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IFAC Response to Updating the Public Expenditure and Financial Accountability (PEFA) Indicators Draft

| Comment Letters

IFAC has submitted a comment letter to Updating the Public Expenditure and Financial Accountability (PEFA) Indicators—Draft for Public Consultation. Among other comments, IFAC refers to its October 2012 response to PEFA’s consultation Guidance Note on Sequencing Public Financial Management Reforms and several recommendations made relating to the need for greater focus to be placed on the accounting systems and processes in the PEFA framework—including the importance of elements such as accrual-based financial reporting and budgeting as the aim for all governments—and for implementing the necessary institutional arrangements required to enhance public sector financial management.

IFAC believes these elements are an essential part of good public sector financial management, and are crucial when making assessments of jurisdictions’ public sector financial management and improvements that might be made. There is a risk that, by focusing on a range of separate performance indicators, advances and progress will be somewhat fragmented. Jurisdictions might well focus on adhering to the indicators, rather than focusing on the overall picture of reliability and coherency in the underlying processes and systems.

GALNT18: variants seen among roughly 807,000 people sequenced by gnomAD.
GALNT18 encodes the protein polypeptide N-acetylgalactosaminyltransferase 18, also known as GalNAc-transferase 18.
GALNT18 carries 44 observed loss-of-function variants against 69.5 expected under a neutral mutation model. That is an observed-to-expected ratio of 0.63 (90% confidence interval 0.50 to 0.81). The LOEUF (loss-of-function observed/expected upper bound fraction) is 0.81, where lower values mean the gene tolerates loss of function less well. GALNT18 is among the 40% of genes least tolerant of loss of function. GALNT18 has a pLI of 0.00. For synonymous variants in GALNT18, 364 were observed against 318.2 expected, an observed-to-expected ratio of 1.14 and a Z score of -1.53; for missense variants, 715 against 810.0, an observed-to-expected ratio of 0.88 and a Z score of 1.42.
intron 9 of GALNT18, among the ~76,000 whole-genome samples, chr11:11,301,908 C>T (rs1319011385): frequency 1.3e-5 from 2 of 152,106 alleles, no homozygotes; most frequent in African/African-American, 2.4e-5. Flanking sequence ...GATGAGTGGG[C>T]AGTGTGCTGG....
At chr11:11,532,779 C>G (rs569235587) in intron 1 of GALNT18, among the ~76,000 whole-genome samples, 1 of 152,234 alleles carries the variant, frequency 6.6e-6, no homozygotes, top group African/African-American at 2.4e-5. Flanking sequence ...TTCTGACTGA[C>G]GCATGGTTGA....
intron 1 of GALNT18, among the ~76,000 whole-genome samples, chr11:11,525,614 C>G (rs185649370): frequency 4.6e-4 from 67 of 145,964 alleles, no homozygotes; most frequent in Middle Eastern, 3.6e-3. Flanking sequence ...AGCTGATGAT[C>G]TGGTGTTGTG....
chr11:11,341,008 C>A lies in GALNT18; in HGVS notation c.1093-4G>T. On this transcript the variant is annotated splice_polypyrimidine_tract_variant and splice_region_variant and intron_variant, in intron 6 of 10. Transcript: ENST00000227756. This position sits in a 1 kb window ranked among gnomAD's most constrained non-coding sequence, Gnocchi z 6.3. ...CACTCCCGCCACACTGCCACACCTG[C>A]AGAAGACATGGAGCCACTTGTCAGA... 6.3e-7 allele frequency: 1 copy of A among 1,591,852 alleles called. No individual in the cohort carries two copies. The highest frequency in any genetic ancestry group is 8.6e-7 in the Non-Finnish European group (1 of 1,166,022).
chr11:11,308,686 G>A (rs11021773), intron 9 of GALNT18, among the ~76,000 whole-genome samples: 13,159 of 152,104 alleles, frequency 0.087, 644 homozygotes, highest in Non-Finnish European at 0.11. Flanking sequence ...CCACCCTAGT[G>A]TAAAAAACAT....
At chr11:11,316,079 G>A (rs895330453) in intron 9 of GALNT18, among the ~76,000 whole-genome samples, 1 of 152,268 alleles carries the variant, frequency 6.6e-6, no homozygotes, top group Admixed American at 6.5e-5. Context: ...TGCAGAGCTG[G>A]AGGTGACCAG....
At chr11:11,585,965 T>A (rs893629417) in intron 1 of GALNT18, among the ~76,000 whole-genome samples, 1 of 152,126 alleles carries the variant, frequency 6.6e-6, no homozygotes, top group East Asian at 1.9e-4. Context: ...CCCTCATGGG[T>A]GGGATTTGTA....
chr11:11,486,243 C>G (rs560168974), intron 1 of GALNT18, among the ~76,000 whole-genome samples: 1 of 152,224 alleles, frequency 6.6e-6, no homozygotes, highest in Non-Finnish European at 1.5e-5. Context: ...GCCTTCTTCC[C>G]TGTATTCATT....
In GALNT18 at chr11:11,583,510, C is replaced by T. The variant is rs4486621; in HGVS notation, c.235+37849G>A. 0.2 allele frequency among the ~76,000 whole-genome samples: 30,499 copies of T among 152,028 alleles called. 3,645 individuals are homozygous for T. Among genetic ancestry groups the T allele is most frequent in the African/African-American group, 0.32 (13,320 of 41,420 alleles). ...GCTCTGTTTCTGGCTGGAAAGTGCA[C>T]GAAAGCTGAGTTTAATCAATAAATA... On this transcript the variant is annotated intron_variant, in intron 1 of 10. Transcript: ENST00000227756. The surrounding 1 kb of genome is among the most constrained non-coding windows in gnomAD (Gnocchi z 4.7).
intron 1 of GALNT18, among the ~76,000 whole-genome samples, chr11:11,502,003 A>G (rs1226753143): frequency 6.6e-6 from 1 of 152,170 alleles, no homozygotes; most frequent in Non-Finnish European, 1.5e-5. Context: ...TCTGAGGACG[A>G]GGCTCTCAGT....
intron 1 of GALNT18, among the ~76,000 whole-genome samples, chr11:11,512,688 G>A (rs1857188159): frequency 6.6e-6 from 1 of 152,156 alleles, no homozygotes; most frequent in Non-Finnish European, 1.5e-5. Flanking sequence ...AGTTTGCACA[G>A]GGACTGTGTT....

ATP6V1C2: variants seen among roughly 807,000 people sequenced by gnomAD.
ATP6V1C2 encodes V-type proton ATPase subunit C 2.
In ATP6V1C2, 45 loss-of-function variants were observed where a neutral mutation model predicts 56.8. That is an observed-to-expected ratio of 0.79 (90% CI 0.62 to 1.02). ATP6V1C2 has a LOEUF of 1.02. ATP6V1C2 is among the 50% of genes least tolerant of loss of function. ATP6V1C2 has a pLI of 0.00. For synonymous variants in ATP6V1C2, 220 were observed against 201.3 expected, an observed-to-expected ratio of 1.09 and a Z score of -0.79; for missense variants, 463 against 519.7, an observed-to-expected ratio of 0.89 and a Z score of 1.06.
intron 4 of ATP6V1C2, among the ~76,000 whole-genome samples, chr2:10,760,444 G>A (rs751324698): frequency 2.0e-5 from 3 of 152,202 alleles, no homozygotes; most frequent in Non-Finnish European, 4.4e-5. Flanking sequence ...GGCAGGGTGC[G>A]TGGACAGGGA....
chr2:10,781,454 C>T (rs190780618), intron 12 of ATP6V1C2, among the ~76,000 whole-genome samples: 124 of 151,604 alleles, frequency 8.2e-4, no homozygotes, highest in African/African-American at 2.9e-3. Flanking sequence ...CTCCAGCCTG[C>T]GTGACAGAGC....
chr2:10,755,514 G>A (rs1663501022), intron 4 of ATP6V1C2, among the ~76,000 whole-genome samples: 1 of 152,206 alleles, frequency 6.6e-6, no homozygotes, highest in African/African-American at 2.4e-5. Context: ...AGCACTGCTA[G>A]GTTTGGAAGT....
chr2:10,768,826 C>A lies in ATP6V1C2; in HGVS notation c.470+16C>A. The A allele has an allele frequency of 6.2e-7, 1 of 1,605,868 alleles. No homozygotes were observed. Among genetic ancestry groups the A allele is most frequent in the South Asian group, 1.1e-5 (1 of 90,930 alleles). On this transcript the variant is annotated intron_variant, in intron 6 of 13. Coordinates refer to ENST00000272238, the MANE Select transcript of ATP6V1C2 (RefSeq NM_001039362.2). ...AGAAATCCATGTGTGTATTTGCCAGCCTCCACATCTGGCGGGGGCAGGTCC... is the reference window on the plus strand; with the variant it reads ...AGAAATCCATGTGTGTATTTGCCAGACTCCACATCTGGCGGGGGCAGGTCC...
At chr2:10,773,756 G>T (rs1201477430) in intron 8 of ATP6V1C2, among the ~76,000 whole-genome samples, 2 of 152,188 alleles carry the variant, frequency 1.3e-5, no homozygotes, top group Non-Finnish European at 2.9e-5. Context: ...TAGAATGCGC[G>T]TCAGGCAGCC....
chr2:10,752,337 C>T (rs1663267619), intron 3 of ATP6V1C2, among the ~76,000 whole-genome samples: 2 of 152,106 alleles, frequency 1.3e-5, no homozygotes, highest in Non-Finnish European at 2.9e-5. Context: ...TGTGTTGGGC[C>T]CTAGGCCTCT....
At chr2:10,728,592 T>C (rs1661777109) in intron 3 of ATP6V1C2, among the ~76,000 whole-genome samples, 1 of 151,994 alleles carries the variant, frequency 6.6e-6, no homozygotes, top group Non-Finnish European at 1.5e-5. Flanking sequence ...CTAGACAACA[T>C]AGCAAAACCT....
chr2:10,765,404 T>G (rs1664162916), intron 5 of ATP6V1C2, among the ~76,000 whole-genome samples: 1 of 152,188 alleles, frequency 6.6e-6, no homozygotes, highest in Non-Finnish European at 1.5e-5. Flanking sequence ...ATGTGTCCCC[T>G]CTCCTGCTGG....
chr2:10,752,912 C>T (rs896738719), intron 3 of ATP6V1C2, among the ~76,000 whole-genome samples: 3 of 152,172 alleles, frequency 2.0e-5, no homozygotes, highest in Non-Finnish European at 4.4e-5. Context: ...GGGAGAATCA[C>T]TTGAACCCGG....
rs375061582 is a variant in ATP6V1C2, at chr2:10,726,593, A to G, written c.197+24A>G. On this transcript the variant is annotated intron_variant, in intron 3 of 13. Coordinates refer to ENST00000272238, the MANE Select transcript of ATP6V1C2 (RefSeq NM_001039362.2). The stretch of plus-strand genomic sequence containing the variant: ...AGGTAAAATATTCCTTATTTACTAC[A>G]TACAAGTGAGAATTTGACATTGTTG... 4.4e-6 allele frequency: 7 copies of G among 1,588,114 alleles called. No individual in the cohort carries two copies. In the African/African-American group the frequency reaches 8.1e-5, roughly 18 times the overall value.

Without sound accounting systems and processes, founded on acceptable accruals-based financial reporting framework and standards, the preparation of financial and other reports and key documents will potentially be based on ad hoc systems and processes. They will lack the essential discipline that exists and is available from the adoption and implementation of high-quality international standards, such as International Public Sector Accounting Standards™ (IPSASs™), and from important institutional measures that promote transparency and accountability.

Furthermore, without a strong foundation and common base for all jurisdictions, the usefulness of the performance indicators is somewhat diminished, as comparisons of the robustness of public sector financial management arrangements across jurisdictions will be much less meaningful.

Additional specific feedback is available in the full comment letter.

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